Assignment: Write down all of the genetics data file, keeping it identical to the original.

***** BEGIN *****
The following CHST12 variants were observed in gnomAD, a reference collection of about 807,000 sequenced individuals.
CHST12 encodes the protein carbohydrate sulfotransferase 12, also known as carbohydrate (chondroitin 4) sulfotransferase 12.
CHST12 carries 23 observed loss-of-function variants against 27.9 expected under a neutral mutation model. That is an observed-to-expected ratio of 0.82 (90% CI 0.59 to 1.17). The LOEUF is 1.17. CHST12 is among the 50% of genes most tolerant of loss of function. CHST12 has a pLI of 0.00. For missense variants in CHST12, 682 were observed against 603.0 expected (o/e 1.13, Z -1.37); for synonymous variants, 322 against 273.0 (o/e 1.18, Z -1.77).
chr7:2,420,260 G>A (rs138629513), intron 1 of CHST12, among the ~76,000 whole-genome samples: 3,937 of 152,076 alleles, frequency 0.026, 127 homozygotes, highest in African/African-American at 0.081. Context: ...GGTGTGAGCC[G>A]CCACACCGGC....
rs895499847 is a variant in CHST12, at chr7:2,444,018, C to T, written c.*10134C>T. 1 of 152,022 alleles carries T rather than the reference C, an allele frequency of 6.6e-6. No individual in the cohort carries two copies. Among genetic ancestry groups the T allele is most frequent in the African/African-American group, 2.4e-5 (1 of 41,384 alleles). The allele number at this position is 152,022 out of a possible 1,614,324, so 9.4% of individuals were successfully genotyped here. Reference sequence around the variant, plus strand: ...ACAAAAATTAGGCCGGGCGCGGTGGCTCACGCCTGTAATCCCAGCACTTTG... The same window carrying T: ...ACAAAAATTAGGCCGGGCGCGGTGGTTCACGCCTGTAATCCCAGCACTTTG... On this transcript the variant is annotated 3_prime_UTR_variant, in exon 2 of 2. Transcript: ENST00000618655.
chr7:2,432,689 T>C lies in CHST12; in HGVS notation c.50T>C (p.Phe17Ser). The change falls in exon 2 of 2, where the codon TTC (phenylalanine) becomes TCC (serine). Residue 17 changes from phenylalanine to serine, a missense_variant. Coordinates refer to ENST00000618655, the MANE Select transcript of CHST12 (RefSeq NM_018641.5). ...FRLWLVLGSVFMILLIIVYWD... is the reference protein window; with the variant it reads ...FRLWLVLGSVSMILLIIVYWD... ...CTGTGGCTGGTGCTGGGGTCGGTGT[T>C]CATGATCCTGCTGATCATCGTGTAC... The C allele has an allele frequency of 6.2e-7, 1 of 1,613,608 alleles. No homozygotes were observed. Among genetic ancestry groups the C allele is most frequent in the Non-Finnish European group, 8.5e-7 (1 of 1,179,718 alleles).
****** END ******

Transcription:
The following CHST12 variants were observed in gnomAD, a reference collection of about 807,000 sequenced individuals.
CHST12 encodes the protein carbohydrate sulfotransferase 12, also known as carbohydrate (chondroitin 4) sulfotransferase 12.
CHST12 carries 23 observed loss-of-function variants against 27.9 expected under a neutral mutation model. That is an observed-to-expected ratio of 0.82 (90% CI 0.59 to 1.17). The LOEUF is 1.17. CHST12 is among the 50% of genes most tolerant of loss of function. CHST12 has a pLI of 0.00. For missense variants in CHST12, 682 were observed against 603.0 expected (o/e 1.13, Z -1.37); for synonymous variants, 322 against 273.0 (o/e 1.18, Z -1.77).
chr7:2,420,260 G>A (rs138629513), intron 1 of CHST12, among the ~76,000 whole-genome samples: 3,937 of 152,076 alleles, frequency 0.026, 127 homozygotes, highest in African/African-American at 0.081. Context: ...GGTGTGAGCC[G>A]CCACACCGGC....
rs895499847 is a variant in CHST12, at chr7:2,444,018, C to T, written c.*10134C>T. 1 of 152,022 alleles carries T rather than the reference C, an allele frequency of 6.6e-6. No individual in the cohort carries two copies. Among genetic ancestry groups the T allele is most frequent in the African/African-American group, 2.4e-5 (1 of 41,384 alleles). The allele number at this position is 152,022 out of a possible 1,614,324, so 9.4% of individuals were successfully genotyped here. Reference sequence around the variant, plus strand: ...ACAAAAATTAGGCCGGGCGCGGTGGCTCACGCCTGTAATCCCAGCACTTTG... The same window carrying T: ...ACAAAAATTAGGCCGGGCGCGGTGGTTCACGCCTGTAATCCCAGCACTTTG... On this transcript the variant is annotated 3_prime_UTR_variant, in exon 2 of 2. Transcript: ENST00000618655.
chr7:2,432,689 T>C lies in CHST12; in HGVS notation c.50T>C (p.Phe17Ser). The change falls in exon 2 of 2, where the codon TTC (phenylalanine) becomes TCC (serine). Residue 17 changes from phenylalanine to serine, a missense_variant. Coordinates refer to ENST00000618655, the MANE Select transcript of CHST12 (RefSeq NM_018641.5). ...FRLWLVLGSVFMILLIIVYWD... is the reference protein window; with the variant it reads ...FRLWLVLGSVSMILLIIVYWD... ...CTGTGGCTGGTGCTGGGGTCGGTGT[T>C]CATGATCCTGCTGATCATCGTGTAC... The C allele has an allele frequency of 6.2e-7, 1 of 1,613,608 alleles. No homozygotes were observed. Among genetic ancestry groups the C allele is most frequent in the Non-Finnish European group, 8.5e-7 (1 of 1,179,718 alleles).